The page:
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Quote:
Originally Posted by 18243015
Just less than a year ago I purchased a 10" Freud diadlo 24 tooth blade(D1024x) for my tablesaw. First task was cutting some 3/4" oak for a mantle clock and it worked great. Since then I've used it for a couple shop projects (router table,planer stand) using mdf and some pine cabinet door frames. Today I cut some more 3/4" oak and allmost had to force it thru with lots of burning. I use a Diablo blade on my 8 1/4" sliding miter saw with great results so I dont doubt the quality. But could it be the wrong blade choice? Is there an "all purpase" blade? Or should I have different blades for hardwoods and mdf?

Thanks, Rusty
Rusty,

The D1024X is a rip blade so if you need a blade for crosscut you will need one with more teeth, either a combination or general purpose or a dedicated crosscut blade. The primary reasons for increased feed pressure and burning can be the result of dulling or of saw alignment. MDF is tough on cutters and can contain foreign objects that will chip the teeth so that is a distinct possibility but I think you should begin by verifying the alignment of the saw.
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post #7 of 17 (permalink) Old 11-13-2006, 10:11 PM Thread Starter
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Thanks Charles.

I was hoping to get your input. I got the D1024X as an alternative to a $10 HF 80 tooth blade that cut very clean but slow with MDF. And I was ripping 3/4" oak when I had the burning issue.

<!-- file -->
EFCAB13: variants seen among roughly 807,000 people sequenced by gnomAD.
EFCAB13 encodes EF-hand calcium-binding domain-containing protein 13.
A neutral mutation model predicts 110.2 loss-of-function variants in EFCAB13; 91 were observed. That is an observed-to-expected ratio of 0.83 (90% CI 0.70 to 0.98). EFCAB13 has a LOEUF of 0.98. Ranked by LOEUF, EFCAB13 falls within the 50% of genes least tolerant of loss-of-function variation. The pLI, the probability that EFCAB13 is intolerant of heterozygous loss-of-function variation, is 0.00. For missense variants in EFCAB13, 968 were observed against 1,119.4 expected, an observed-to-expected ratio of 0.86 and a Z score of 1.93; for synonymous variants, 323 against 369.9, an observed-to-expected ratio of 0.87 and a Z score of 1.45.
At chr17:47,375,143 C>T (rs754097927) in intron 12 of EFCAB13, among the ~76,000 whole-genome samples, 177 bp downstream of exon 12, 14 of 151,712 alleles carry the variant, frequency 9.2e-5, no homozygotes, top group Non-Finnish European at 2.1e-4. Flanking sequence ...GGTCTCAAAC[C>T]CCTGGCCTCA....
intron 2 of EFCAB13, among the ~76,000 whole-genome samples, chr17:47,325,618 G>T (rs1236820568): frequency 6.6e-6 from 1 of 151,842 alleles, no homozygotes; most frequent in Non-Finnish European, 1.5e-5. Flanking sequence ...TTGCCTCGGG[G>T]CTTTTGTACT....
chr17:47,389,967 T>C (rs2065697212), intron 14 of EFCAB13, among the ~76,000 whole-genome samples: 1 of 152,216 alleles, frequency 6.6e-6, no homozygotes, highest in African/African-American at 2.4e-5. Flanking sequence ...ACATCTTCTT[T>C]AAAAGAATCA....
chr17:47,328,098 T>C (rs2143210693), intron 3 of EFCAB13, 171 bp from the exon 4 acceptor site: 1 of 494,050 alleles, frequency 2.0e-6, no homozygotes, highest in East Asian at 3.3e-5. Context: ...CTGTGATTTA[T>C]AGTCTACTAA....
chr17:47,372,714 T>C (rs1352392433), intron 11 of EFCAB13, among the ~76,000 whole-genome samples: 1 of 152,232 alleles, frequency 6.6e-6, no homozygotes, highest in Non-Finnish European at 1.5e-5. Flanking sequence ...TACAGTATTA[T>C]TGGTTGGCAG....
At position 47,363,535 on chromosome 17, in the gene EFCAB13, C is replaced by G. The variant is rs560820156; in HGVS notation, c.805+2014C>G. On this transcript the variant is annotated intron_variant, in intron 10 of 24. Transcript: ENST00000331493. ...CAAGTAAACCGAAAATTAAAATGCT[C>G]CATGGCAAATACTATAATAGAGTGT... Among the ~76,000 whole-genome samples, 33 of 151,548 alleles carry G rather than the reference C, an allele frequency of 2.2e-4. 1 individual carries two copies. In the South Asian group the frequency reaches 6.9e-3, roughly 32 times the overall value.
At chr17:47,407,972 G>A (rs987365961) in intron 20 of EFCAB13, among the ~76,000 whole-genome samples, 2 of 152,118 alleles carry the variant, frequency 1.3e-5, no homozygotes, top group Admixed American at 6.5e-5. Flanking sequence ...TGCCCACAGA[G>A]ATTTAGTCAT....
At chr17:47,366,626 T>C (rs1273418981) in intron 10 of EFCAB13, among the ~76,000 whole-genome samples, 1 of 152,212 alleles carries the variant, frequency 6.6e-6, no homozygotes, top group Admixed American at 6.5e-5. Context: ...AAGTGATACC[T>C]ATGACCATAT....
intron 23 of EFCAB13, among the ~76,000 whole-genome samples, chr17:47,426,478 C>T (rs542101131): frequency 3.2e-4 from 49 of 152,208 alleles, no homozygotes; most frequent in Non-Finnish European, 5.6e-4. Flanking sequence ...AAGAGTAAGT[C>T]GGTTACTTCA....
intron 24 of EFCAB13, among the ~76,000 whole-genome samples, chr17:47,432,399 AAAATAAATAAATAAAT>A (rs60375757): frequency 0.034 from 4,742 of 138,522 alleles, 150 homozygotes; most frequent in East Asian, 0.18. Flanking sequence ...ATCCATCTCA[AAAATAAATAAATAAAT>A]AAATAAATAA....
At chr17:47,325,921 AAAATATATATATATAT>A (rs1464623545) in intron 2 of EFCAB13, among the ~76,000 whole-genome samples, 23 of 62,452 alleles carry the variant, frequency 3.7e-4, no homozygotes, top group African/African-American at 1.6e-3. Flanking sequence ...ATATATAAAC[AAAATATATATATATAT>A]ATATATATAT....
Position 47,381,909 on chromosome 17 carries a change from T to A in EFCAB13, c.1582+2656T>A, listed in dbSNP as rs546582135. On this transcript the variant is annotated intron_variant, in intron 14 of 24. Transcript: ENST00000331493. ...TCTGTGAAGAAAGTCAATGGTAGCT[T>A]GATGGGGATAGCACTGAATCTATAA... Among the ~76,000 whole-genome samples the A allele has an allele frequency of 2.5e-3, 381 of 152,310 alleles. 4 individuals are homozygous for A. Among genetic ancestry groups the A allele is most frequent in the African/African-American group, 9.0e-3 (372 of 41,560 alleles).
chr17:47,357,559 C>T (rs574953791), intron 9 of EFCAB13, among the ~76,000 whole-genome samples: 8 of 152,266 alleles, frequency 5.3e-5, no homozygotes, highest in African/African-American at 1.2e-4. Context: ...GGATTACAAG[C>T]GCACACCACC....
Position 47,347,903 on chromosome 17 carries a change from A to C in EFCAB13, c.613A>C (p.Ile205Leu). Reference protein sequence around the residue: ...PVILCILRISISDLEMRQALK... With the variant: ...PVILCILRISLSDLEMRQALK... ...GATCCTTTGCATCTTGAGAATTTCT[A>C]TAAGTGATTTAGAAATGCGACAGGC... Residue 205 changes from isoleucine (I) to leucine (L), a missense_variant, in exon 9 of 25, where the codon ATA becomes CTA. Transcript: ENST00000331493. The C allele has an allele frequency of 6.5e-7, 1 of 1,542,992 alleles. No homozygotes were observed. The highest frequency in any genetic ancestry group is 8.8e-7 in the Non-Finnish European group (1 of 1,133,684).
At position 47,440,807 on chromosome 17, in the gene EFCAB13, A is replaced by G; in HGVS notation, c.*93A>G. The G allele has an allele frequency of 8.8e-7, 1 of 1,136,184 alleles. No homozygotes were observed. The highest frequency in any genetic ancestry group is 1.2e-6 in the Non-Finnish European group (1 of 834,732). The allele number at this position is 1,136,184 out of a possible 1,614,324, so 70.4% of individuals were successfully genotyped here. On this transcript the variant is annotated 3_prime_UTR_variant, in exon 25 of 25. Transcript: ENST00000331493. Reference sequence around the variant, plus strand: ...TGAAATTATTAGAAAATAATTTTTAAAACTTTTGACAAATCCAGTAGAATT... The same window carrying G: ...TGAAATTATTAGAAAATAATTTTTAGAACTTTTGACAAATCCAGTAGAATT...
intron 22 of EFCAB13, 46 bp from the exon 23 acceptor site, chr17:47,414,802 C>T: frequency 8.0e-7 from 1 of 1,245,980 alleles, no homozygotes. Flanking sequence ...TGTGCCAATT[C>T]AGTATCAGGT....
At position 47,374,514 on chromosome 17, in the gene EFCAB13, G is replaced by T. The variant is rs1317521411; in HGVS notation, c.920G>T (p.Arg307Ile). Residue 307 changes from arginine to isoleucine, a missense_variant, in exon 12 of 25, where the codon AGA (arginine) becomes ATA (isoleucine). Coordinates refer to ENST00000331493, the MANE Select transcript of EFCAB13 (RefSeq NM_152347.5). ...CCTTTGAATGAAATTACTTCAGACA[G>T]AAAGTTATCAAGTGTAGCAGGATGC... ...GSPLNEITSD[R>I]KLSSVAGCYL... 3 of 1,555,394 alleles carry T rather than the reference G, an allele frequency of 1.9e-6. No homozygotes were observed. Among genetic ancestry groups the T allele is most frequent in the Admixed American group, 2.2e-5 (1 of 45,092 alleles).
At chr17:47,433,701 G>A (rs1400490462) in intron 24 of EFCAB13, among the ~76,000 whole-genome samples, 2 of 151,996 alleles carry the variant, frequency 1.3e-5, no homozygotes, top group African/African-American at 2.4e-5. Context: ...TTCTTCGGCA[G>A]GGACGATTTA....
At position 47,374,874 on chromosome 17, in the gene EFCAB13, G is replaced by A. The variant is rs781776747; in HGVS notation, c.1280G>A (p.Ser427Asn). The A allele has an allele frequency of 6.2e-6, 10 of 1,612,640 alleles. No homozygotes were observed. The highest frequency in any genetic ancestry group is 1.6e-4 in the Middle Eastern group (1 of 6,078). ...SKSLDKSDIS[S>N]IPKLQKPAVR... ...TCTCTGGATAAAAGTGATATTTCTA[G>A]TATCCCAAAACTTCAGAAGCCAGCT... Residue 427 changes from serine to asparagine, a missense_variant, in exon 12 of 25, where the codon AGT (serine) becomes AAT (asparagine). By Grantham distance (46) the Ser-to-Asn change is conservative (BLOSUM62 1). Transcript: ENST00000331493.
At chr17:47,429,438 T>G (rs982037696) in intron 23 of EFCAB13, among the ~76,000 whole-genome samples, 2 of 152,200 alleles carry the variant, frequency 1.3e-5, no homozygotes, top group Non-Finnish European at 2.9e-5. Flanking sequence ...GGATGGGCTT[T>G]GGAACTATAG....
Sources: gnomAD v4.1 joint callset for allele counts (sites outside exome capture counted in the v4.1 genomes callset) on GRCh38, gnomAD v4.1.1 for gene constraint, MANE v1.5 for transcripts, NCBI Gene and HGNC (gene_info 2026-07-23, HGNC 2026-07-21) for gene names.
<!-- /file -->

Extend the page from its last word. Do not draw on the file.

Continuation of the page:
But since posting, the saw in question has started to whine loudly for about 20 seconds at start up. So I think a bad bearing is causing my cutting problems. And I am probably in the market for a new saw a little sooner than I'd planned.

Rusty
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post #8 of 17 (permalink) Old 11-14-2006, 10:08 AM
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Hi Rusty

Here's a SMALL tip I use when I rip OAK,(hardwood) Oak can be nasty when you rip it because it will sometimes burn and put on that nasty burn marks that are hard to get off.
I take a good 8" or 9" rip blade and put on sand paper on both sides of the blade (150grit the norm) I use #77 3M spray glue to put the sand paper .
It will sand and cut at the same time so to speak and the parts will come out clean without burn marks or rip marks.
You will need to replace the sand paper in time but that's not a big deal with a sharp putty knife.

Just a small note***you should not use the 80 tooth blade to rip with
It will take on the MDF but MDF is hard on blades use your cheap blade to cut MDF with a bit of sand paper it works great, just add a 1/32" to the stock when you make the cut.

Bj




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Last edited by bobj3; 11-14-2006 at 10:53 AM.
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post #9 of 17 (permalink) Old 11-14-2006, 10:29 PM
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Bob, never heard that before on the sand paper trick. Arent good 8 and 9 inch blades kind of hard to find? Thanks for the tip!

Corey
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post #10 of 17 (permalink) Old 11-15-2006, 09:05 AM
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Hi Corey

You're Welcome, 8" and the 9" blades can be had at just about any HD or Ace Hardware but you can use 10" but the sand paper is a bit hard to find but you can use the big sanding disks but they are not cheap like a pack of 8 1/2" x 11" sanding paper.
Plus the 8" blades cost less than the 10" ones and the 8" blades will rip just about all you will need to rip down for cabinet work.

http://www.grizzly.com/products/g4252
http://www.grizzly.com/products/g1219
http://www.grizzly.com/products/g1213

Bj




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Last edited by bobj3; 11-15-2006 at 06:10 PM.